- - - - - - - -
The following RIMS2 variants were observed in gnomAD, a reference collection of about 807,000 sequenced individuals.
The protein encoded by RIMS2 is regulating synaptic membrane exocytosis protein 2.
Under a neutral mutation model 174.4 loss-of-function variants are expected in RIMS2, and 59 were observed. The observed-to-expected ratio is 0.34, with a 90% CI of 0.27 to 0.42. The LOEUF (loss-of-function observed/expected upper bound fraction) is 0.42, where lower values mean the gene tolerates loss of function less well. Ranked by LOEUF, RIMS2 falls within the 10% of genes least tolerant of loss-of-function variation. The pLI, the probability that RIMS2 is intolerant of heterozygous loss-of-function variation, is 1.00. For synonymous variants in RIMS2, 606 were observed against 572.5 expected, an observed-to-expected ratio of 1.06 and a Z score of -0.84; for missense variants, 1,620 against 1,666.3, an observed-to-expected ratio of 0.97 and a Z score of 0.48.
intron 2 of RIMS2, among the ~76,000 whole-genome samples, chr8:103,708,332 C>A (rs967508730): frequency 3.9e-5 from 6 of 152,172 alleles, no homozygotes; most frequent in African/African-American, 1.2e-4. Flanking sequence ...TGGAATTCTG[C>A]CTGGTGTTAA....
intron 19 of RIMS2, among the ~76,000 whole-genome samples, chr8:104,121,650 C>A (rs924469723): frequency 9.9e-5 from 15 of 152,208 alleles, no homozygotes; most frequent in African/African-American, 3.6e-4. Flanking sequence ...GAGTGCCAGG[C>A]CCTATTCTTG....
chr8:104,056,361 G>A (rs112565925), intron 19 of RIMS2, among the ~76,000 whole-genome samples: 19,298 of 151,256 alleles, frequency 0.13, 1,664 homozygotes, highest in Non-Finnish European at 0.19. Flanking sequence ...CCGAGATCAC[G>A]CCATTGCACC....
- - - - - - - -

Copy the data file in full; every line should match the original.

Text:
The following RIMS2 variants were observed in gnomAD, a reference collection of about 807,000 sequenced individuals.
The protein encoded by RIMS2 is regulating synaptic membrane exocytosis protein 2.
Under a neutral mutation model 174.4 loss-of-function variants are expected in RIMS2, and 59 were observed. The observed-to-expected ratio is 0.34, with a 90% CI of 0.27 to 0.42. The LOEUF (loss-of-function observed/expected upper bound fraction) is 0.42, where lower values mean the gene tolerates loss of function less well. Ranked by LOEUF, RIMS2 falls within the 10% of genes least tolerant of loss-of-function variation. The pLI, the probability that RIMS2 is intolerant of heterozygous loss-of-function variation, is 1.00. For synonymous variants in RIMS2, 606 were observed against 572.5 expected, an observed-to-expected ratio of 1.06 and a Z score of -0.84; for missense variants, 1,620 against 1,666.3, an observed-to-expected ratio of 0.97 and a Z score of 0.48.
intron 2 of RIMS2, among the ~76,000 whole-genome samples, chr8:103,708,332 C>A (rs967508730): frequency 3.9e-5 from 6 of 152,172 alleles, no homozygotes; most frequent in African/African-American, 1.2e-4. Flanking sequence ...TGGAATTCTG[C>A]CTGGTGTTAA....
intron 19 of RIMS2, among the ~76,000 whole-genome samples, chr8:104,121,650 C>A (rs924469723): frequency 9.9e-5 from 15 of 152,208 alleles, no homozygotes; most frequent in African/African-American, 3.6e-4. Flanking sequence ...GAGTGCCAGG[C>A]CCTATTCTTG....
chr8:104,056,361 G>A (rs112565925), intron 19 of RIMS2, among the ~76,000 whole-genome samples: 19,298 of 151,256 alleles, frequency 0.13, 1,664 homozygotes, highest in Non-Finnish European at 0.19. Flanking sequence ...CCGAGATCAC[G>A]CCATTGCACC....